Before we head back to Cooper, there’s one final visit to the Double R Diner, where Sarah Palmer finds Major Briggs and tells him in a dark, distorted voice, “I’m in the Black Lodge with Dale Cooper. I’m waiting for you.” Now, the subtitles say it’s Earle’s voice, and so I’ve always come to view this as Earle managing to find some way in the Lodge to harness Sarah’s psychic sensitivity in order to taunt his former Project Blue Book colleague. The revival series may open this moment up to some different interpretations, but I’m sticking with this one.
But now we’re back in the Waiting Room/Black Lodge. I slash it like that because I’m really still not entirely decided if the Waiting Room is a part of the Black Lodge, or between the two Lodges. Or possibly it’s both? But let’s get to the nitty-gritty…
Between this bit and the next–and for most of the rest of the time Cooper is in this place, really–Cooper appears much less phased than one would expect the average person to be. He’s not showing much emotion, he’s not asking all of the questions you or I might (“No, seriously: What the fuck??”). I’ve usually taken this to mean that Coop is trying his best to keep his emotions in check, knowing that fear makes you vulnerable here. Tiny chance Lynch just forgot to give him any direction at all, I suppose. 😉
Laura walks in again, in the same dress as from the dream Cooper had. She snaps her fingers (no idea why), and utters the unintentionally prophetic line, “See you again in 25 years.” And then there’s this before she disappears…
Laura’s gone, and then, in what isn’t entirely surprising, given his being around at some key supernatural moments, Senor Droolcup appears, apparently in a celebratory mood.
Based on this–and admittedly this may be a bit of a leap–I think the denizens of the White Lodge and at least some in the Black Lodge were in something of an anti-BOB faction. SDC is the Giant’s host (see below), and the Giant has always been nothing but helpful to Cooper in his search for Laura’s killer. Thanks to Fire Walk With Me, we know that the Little Man is also Mike’s arm, which he cut off to rid himself of its evil. BOB was Mike’s familiar, until they parted ways when Mike turned good, and I think BOB has therefore been something of a loose canon since then, against the wishes of some other members of the Black Lodge. Granted, a lot of my basis for all of that is from FWWM, but I do think the “Hallelujah” here is an indication of it. Cooper is finally here in the Lodges, and a milestone toward dealing with BOB has now been reached.
Not that I’m any major authority on this, but that’s what I choose to think. At any rate, SDC has helpfully brought Cooper some coffee. After he hands it over, the Giant appears in his place.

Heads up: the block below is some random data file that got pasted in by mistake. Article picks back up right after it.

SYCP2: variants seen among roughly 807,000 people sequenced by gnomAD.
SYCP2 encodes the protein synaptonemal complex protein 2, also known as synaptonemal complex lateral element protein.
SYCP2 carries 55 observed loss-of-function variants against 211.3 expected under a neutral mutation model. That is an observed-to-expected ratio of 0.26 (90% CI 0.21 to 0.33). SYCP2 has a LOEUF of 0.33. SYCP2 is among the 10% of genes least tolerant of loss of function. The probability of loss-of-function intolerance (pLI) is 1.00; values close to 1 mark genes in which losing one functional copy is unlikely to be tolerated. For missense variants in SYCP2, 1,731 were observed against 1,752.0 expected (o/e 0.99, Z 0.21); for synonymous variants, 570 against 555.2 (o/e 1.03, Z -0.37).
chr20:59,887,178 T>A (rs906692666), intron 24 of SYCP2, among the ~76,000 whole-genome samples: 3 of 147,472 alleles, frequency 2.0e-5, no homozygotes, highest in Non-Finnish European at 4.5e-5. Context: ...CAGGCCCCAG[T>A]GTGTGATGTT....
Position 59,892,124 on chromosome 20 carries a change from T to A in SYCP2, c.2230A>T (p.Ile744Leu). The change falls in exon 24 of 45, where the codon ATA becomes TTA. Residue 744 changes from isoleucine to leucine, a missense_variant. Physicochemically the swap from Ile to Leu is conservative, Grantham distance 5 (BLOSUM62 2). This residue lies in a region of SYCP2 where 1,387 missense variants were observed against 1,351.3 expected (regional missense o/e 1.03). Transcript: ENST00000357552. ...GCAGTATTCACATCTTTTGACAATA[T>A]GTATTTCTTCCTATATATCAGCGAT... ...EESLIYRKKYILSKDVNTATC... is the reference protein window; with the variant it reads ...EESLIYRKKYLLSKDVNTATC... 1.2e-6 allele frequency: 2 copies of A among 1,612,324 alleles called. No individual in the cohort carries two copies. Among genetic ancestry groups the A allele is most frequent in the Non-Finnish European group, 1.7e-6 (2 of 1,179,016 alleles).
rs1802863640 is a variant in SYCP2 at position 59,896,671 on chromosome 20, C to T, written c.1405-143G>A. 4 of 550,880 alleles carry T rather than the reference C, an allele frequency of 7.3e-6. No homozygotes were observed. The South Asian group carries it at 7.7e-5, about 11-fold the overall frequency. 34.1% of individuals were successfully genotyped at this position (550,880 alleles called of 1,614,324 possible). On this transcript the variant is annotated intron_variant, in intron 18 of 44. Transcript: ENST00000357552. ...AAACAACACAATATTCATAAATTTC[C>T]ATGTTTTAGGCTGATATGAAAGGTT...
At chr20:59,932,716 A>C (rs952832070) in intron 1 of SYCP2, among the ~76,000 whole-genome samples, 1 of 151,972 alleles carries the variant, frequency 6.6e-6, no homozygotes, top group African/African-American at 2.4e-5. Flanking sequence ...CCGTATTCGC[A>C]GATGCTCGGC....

Incidentally, the Giant’s appearance here is also why I think the Waiting Room is, at least sometimes, between the Black and White Lodges. It feels like something of a neutral ground, where both Lodges can hang out.
The Giant then vanishes, and the Arm rubs his hands together. Does this herald something new happening? Cooper goes for the coffee. It’s solid. Then it’s liquid. Then it’s somewhere in between. I’m given to think this may be BOB’s doing, given the Arm immediately saying the lovely palindrome…
Suddenly the Arm spouts off, “Fire walk with me.” We’ve got fire, screaming, and a strobe light. The Arm is now gone, and things are definitely creepier. I think it’s here that Cooper is now heading into the Black Lodge, with the Arm having opened up the metaphysical passageway via those four words.
Cooper gets up and starts exploring, but winds up in the waiting room again…
Cooper heads back, soon running into a shuddering, kinda freaking out Arm in the double of the Waiting Room. But that’s not actually the Arm (“When you see me again…”). Maddy then steps out…
Notice that Maddy doesn’t get a close-up here, and she fades away quickly right after she says the above line. I’ll come back to that. Cooper, meanwhile, turns back around back again, and where the first Waiting Room was is now an empty room. Suddenly the Arm is there again, but with white, clouded eyes, and gives Cooper and us the explanation of what these weird, white-eyed people are:
Laura’s doppelganger immediately shows up on a double-sided chair, screeching to make Mrs. Palmer proud, and she gets a LOT closer than Maddy did. Cooper, understandably, runs the hell out of that room. But during DoppelLaura’s closeup, there are a few flashes of Windam Earle:
Cooper retreats, then finds he’s bleeding from the abdomen. From this point on until BOB shows up, I think that everything that happens is due to Earle messing with Cooper. Again, Earle, having gotten here first, and having studied the Lodge for decades, has managed to exercise a bit of control over the place. Cooper wanders more, soon finding himself on the floor with Caroline, both stabbed. Caroline becomes Annie, there’s more strobe lights, and suddenly stabbed Annie and Cooper are gone. As Cooper calls out for her, we seem to be moving deeper into the Lodges.